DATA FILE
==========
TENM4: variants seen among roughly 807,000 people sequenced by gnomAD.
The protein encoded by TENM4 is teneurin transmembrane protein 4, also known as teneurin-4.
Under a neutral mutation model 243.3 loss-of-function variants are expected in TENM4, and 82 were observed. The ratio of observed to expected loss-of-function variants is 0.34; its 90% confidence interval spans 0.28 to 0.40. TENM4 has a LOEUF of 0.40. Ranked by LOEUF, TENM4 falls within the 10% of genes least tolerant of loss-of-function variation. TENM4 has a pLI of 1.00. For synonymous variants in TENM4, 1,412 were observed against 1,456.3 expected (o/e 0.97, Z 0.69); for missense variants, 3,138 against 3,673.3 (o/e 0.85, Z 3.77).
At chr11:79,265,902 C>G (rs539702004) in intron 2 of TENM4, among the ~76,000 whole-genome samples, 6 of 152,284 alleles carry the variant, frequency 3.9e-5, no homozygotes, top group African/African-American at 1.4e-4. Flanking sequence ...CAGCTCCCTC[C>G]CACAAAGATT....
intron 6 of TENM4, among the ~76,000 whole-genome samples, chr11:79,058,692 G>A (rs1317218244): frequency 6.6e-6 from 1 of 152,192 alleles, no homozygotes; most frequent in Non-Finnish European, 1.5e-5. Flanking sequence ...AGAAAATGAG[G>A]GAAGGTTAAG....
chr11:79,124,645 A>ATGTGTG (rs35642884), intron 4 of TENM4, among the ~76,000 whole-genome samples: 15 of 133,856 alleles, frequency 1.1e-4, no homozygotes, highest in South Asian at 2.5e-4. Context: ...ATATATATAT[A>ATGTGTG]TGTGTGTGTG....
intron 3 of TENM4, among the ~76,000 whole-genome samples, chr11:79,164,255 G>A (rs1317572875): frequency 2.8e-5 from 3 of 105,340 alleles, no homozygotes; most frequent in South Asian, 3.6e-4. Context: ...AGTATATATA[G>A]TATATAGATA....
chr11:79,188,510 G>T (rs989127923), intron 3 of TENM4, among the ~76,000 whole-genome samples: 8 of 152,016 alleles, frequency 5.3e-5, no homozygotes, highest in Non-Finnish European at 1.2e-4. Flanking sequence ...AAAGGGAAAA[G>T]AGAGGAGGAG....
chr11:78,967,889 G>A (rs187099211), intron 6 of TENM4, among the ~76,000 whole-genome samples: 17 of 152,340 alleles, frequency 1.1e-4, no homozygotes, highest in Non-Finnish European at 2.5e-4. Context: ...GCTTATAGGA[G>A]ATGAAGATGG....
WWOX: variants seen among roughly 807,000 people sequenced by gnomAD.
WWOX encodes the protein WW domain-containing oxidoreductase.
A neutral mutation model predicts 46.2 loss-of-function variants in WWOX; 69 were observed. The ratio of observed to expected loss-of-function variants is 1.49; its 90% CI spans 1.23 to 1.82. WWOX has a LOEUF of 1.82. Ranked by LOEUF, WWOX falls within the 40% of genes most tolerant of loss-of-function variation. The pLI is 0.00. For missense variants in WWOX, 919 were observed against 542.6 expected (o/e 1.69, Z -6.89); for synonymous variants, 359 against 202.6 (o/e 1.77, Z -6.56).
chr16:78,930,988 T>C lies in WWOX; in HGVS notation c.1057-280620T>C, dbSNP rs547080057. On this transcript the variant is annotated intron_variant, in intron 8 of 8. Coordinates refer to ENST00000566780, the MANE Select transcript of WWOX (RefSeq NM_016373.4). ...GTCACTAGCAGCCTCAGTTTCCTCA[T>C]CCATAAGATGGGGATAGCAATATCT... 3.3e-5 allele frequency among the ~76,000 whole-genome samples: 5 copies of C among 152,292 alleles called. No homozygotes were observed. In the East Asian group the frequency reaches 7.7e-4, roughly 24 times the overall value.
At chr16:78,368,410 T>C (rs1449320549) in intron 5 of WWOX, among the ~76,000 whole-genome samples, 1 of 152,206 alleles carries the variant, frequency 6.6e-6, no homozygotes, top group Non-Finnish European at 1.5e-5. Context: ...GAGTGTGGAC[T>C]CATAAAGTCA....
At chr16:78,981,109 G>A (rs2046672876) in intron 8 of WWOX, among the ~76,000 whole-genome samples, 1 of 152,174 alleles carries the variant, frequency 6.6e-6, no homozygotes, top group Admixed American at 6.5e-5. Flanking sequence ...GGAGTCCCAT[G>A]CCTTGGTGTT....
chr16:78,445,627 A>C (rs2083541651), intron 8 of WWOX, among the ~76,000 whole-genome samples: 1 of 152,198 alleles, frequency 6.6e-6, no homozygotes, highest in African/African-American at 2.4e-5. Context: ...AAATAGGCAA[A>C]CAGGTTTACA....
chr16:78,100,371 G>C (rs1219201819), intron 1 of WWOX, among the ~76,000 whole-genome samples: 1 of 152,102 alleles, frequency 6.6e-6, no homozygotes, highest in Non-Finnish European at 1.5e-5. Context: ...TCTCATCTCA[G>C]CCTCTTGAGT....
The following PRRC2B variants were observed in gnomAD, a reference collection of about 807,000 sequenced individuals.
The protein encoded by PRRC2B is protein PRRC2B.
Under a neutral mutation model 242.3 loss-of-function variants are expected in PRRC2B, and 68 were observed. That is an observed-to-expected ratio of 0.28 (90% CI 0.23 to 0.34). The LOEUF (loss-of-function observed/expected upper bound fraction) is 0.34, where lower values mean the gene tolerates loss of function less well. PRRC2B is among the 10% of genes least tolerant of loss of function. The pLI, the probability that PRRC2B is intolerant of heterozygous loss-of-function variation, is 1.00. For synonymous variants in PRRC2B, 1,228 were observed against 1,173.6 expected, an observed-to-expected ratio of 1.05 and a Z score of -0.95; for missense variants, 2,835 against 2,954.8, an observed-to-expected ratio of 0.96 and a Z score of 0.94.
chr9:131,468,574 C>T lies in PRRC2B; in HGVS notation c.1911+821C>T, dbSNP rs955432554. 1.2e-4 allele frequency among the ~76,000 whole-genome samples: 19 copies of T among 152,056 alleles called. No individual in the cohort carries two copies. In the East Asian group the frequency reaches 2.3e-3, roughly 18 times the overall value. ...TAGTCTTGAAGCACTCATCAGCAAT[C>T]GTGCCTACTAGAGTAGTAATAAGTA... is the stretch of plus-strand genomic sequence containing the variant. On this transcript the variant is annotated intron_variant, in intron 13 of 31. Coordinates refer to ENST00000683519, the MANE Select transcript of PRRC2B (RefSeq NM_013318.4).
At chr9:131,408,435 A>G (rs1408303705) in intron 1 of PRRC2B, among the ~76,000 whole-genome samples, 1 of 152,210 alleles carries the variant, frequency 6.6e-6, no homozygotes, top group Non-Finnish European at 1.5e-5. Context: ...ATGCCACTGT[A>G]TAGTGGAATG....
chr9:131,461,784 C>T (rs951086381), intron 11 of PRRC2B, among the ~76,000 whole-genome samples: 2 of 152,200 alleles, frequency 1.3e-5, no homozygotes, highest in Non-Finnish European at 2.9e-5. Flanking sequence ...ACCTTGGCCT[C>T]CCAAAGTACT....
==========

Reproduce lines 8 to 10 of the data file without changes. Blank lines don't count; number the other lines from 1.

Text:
chr11:79,188,510 G>T (rs989127923), intron 3 of TENM4, among the ~76,000 whole-genome samples: 8 of 152,016 alleles, frequency 5.3e-5, no homozygotes, highest in Non-Finnish European at 1.2e-4. Flanking sequence ...AAAGGGAAAA[G>T]AGAGGAGGAG....
chr11:78,967,889 G>A (rs187099211), intron 6 of TENM4, among the ~76,000 whole-genome samples: 17 of 152,340 alleles, frequency 1.1e-4, no homozygotes, highest in Non-Finnish European at 2.5e-4. Context: ...GCTTATAGGA[G>A]ATGAAGATGG....
WWOX: variants seen among roughly 807,000 people sequenced by gnomAD.